I enjoyed Dr. Worth's thoughtful contributions. The introduction, epilogue, and paragraphs about the authors put the stories and the consequences of COVID-19 into clearer perspective. Furthermore, the poems and stories are beautifully written and filled with intelligent, lyrical expressions that are great for readers who seek to unravel their deeper meanings and relatable stories. Wise advice from a 70-year-old widow, Margarida, states: "Don’t wait to do the things you want to do." Her advice was the push I needed to be more serious about my goals. Whether it's talking about losing people, appreciating teachers more, or signs for social distancing, Dr. Worth's book serves the purpose of keeping us connected with the things that really matter. Good News. Bad News, Who Can Tell? teaches us to understand the value of human connection and how we spend our time in both the good and bad times.

Courtnee Turner Hoyle

Don Worth, PhD breaks down the pandemic almost like a timeline in his book, Good News. Bad News, Who Can Tell? As the pandemic was more publicized, the media reports and community and patient reactions reminded Dr. Worth of a Buddhist parable. He used the parable as the title of his book and approached the effects of the pandemic as it related to the lesson of the parable. Dr. Worth includes essays, lyrics, pictures, and poems from notable individuals, like Sarabjeet Garcha's sad experience and Walter Finley's inspiring story, in India and the United States. The material defines people's reactions to the pandemic and its aftermath, and leaves an area for readers to reflect on the content and their personal pandemic-related feelings.

Readers will feel much emotion as they read the profound words of the individuals who submitted their pieces. I challenge you to read the personal accounts without shedding tears. Photos relating to masks and social distancing tell some of the story, while the writings reveal a depth that truly reflects the world's atmosphere during COVID-19 and when restrictions were lifted. It's highly probable readers will find stories and poems that echo their own thoughts and feelings during a difficult time. Don Worth presents his insightful viewpoint of the parable as a numeral eight, explaining joy and suffering and offering discernment and motivation to move through struggles. Good News. Bad News, Who Can Tell? is a compilation of inspiring voices that are symbols of the strength and resilience of humankind.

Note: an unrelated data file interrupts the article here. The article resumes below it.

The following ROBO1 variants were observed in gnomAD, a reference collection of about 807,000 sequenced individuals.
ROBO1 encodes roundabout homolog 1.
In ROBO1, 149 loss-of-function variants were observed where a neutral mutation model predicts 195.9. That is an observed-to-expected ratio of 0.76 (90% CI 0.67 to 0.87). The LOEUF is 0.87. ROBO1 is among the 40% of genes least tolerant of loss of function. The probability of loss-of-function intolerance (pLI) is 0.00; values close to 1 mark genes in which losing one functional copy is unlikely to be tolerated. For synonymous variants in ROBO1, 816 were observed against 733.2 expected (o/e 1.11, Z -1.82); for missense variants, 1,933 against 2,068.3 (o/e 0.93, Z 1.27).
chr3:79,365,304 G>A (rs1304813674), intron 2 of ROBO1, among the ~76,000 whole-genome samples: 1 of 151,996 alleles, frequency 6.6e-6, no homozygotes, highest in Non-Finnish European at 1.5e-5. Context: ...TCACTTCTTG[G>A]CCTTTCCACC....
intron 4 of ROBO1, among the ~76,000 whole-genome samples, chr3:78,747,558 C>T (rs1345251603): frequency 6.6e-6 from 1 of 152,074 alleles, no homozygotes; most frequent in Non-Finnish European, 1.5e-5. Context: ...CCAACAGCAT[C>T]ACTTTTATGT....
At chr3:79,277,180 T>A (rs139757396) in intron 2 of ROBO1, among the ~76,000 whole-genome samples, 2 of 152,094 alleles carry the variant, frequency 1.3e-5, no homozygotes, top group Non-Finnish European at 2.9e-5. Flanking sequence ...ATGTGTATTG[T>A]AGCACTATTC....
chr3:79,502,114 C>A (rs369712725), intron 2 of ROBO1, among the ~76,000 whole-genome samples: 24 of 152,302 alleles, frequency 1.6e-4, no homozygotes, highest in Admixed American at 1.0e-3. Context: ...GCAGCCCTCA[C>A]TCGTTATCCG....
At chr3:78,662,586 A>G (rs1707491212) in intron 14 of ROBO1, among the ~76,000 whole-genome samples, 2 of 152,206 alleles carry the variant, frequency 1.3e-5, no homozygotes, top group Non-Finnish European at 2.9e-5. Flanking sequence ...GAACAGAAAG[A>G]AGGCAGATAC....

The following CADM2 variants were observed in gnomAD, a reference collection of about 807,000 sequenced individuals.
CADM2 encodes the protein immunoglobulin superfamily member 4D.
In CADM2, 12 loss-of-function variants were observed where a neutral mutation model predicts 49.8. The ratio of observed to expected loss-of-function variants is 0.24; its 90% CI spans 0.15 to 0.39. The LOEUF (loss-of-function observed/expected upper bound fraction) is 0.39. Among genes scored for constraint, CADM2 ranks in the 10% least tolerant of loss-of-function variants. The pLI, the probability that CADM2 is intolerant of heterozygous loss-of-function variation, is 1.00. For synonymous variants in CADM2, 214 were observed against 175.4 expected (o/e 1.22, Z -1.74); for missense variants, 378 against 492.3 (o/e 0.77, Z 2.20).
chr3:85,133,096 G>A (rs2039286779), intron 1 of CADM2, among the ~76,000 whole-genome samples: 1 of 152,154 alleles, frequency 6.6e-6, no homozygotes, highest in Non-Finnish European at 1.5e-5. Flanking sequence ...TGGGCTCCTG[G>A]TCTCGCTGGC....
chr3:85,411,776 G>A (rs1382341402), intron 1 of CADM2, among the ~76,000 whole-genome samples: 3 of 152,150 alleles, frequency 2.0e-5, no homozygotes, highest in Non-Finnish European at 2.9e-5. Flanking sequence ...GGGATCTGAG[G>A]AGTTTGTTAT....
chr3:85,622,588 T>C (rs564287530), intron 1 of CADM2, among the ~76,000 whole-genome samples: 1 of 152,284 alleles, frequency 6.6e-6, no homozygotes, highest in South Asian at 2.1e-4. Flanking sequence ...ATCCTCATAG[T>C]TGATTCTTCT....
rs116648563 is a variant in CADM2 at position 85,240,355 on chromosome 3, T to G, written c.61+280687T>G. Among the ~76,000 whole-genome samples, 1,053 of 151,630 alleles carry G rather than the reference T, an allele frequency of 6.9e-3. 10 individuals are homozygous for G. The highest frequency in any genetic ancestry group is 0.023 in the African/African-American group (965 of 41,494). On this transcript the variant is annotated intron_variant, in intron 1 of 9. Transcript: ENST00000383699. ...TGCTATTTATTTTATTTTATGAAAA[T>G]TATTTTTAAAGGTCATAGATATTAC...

K.C. Finn

Good News. Bad News, Who Can Tell? The Pandemic Reveals Wisdom is a work of non-fiction in the personal stories, anthology, and slice-of-life subgenres. It is a collection of stories and accounts from a wide variety of people, edited and curated by author Don Worth, Ph.D. The text offers a unique perspective on the COVID-19 pandemic through stories, poems, essays, and lyrics. Worth, a psychologist, noticed unexpected improvements in his patients' mental health during the pandemic, leading to this collection that challenges conventional views of the crisis. Inspired by a Buddhist parable, the title underscores the uncertainty of outcomes.

Author Don Worth has brought together a collection of fantastic voices to form a unique holistic narrative on mental health, and it makes for a profound reading experience. The diverse narratives, spanning the U.S. and India, provided a rich tapestry of pandemic experiences, from the challenges faced by physicians and clergy to the reflections of teachers and students. Every contribution adds a layer to the complex narrative of the pandemic, and Worth examines those layers and places them in balance with one another to let the overall picture and principles build gradually for readers. Worth's epilogue weaves the diverse experiences into a coherent reflection, emphasizing the importance of relational connections and showcasing his talent for spotting these glimmer moments in others. This collection stands out not only for documenting pandemic experiences but also for offering a thought-provoking perspective on a global crisis and seeking silver linings. Overall, Good News. Bad News, Who Can Tell? encourages readers to find wisdom and hope amid the challenges, making it a valuable addition to pandemic literature and a highly recommended read.